Perfecting a Security Interest
Under Article 9 of the UCC, lenders and suppliers of goods can establish security interests in a debtor's assets, which then serve as collateral for loans. The collateral may include personal property, like inventory, fixtures, and accounts receivables. The security interest gives the creditor extra protection in case the debtor fails to repay a loan. As a secured creditor, you stand a greater chance of obtaining repayment in case a debtor becomes insolvent or goes bankrupt. Generally, bankruptcy courts will enforce a perfected security interest, while any unperfected security interest is subordinate to a perfected interest. Perfecting a security interest is a critical way to ensure that a business can collect its debts. The commercial debt collections attorneys at Klapper & Fass can guide clients in New York and other states through this process.Perfecting a Security Interest
Perfecting a security interest gives constructive notice to later creditors and purchasers that you have a prior interest in property. When there are multiple security interests attached to a piece of property, whichever creditor has perfected first has priority. Thus, it can be important to perfect your security interest as soon as possible, rather than waiting until a debtor encounters financial distress. If you wait, there may be multiple perfected security interests ahead of you in line, and you may be less able to recover.
The most common way to perfect your security interest is to complete and file a financing statement. In New York, section 9-501 governs the place where the completed financing statement should be filed. The office in which you should file a financing statement to perfect a security interest in fixtures or a cooperative interest, or an agricultural lien in extracted collateral or timber, is the office that has been designated for filing a record of a mortgage on related real property. In other cases, the financing statement is filed in the office of the Secretary of State.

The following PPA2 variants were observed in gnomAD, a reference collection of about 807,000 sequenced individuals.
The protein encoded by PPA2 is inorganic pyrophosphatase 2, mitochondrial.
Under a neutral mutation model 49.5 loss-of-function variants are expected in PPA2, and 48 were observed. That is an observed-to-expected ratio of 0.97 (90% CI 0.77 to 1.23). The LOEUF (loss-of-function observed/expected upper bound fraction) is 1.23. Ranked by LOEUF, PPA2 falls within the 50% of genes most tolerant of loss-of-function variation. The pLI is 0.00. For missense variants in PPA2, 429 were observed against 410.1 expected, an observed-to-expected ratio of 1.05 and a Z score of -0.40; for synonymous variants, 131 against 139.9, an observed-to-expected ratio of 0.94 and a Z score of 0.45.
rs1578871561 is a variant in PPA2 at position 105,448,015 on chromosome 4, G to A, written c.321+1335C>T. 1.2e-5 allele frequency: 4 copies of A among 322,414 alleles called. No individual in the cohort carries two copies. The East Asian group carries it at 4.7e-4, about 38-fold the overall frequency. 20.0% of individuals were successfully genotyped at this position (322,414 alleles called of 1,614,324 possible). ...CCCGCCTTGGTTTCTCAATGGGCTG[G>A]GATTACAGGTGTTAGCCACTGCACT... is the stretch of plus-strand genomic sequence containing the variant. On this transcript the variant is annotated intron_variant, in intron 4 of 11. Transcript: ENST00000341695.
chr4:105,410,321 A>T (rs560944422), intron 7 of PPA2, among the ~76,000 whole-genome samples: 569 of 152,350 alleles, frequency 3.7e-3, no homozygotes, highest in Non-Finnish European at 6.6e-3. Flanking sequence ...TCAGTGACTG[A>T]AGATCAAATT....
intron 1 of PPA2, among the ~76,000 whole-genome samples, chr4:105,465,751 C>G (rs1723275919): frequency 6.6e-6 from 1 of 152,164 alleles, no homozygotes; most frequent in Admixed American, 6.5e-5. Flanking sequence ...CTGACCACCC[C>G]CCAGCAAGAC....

A financing statement must include the debtor's name, mailing address, status as an individual or organization (including the type of organization, jurisdiction, and organizational number), the name and mailing address of the secured party or its representative, and a description of what collateral the financing statement covers.
Article 9 of the UCC requires creditors to make sure that the financing statement includes the precise legal name of the debtor. Anybody searching for filed financing statements will search for them using the debtor's name. If the financing statement is filed under an inaccurate name, notice of a prior security interest may not be given to others, with the result that there would be no way to determine a prior, perfected security interest.Consult an Experienced New York Attorney for Your Litigation Needs All commercial creditors need to be able to collect outstanding debts in order to stay afloat financially. Perfecting security interests can help you protect your business. The New York lawyers at Klapper & Fass can assist creditors with these efforts or with litigation if appropriate. We serve the five boroughs of New York City from our offices in Manhattan and White Plains. Our attorneys also provide legal services in Rockland, Orange, Suffolk, Dutchess, Nassau, and Westchester Counties, as well as in states such as Texas and Connecticut. Contact our office at 914.287.6466 or via our online form to schedule a free consultation.